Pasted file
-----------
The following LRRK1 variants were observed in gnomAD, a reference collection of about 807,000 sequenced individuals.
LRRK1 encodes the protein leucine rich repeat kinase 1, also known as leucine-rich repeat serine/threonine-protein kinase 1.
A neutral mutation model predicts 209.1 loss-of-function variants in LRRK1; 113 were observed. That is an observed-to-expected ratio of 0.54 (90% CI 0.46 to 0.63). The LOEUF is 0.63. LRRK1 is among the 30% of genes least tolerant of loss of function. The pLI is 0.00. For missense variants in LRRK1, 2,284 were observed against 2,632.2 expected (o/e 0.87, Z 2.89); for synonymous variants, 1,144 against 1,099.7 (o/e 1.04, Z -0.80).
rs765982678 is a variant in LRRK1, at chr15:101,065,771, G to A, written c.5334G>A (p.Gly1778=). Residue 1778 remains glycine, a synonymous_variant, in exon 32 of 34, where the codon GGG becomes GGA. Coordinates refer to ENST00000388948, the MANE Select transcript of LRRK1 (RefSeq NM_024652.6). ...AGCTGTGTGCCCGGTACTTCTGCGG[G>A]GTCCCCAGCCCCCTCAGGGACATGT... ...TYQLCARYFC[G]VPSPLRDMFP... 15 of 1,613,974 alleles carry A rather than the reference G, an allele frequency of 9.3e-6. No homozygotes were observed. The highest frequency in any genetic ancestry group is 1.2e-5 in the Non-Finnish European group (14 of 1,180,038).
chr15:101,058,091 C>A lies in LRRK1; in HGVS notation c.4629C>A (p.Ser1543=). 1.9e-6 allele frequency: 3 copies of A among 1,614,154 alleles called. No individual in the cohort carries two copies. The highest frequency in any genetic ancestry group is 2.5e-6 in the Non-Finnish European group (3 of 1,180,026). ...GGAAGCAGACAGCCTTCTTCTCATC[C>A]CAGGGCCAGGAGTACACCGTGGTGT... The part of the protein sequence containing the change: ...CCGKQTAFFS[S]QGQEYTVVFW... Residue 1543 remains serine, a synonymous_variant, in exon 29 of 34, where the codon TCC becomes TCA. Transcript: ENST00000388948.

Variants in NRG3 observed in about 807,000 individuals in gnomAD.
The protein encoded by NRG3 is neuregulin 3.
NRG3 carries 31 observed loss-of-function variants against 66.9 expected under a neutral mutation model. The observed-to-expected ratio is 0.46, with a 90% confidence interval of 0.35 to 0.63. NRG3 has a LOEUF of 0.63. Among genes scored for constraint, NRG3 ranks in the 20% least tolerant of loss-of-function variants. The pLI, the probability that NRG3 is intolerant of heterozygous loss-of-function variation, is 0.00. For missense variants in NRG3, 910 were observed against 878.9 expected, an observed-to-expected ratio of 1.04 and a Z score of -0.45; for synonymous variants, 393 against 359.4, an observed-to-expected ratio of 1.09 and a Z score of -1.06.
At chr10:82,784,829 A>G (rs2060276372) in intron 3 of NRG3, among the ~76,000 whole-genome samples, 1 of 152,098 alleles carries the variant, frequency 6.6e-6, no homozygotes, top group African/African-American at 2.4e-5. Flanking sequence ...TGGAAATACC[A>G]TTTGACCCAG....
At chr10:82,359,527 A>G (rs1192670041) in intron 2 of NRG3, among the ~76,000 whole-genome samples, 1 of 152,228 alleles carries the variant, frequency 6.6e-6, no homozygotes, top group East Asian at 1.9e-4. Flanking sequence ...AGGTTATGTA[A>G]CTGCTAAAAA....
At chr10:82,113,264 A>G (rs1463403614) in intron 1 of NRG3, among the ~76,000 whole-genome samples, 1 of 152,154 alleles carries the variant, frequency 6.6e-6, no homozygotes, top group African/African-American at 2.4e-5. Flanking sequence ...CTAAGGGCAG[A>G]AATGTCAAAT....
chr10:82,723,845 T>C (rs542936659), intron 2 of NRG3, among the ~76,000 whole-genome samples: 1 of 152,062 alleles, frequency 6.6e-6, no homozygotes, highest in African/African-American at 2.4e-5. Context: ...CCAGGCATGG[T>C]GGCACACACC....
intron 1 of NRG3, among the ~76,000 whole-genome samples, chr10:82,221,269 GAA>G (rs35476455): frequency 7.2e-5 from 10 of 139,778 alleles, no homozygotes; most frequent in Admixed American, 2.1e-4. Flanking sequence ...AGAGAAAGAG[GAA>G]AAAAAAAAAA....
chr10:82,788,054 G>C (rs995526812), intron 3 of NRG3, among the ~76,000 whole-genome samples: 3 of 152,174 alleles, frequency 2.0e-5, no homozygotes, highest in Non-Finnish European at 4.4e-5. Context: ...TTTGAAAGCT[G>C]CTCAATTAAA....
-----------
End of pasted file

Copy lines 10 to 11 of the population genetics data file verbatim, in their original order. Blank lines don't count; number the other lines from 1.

At chr10:82,359,527 A>G (rs1192670041) in intron 2 of NRG3, among the ~76,000 whole-genome samples, 1 of 152,228 alleles carries the variant, frequency 6.6e-6, no homozygotes, top group East Asian at 1.9e-4. Flanking sequence ...AGGTTATGTA[A>G]CTGCTAAAAA....
At chr10:82,113,264 A>G (rs1463403614) in intron 1 of NRG3, among the ~76,000 whole-genome samples, 1 of 152,154 alleles carries the variant, frequency 6.6e-6, no homozygotes, top group African/African-American at 2.4e-5. Flanking sequence ...CTAAGGGCAG[A>G]AATGTCAAAT....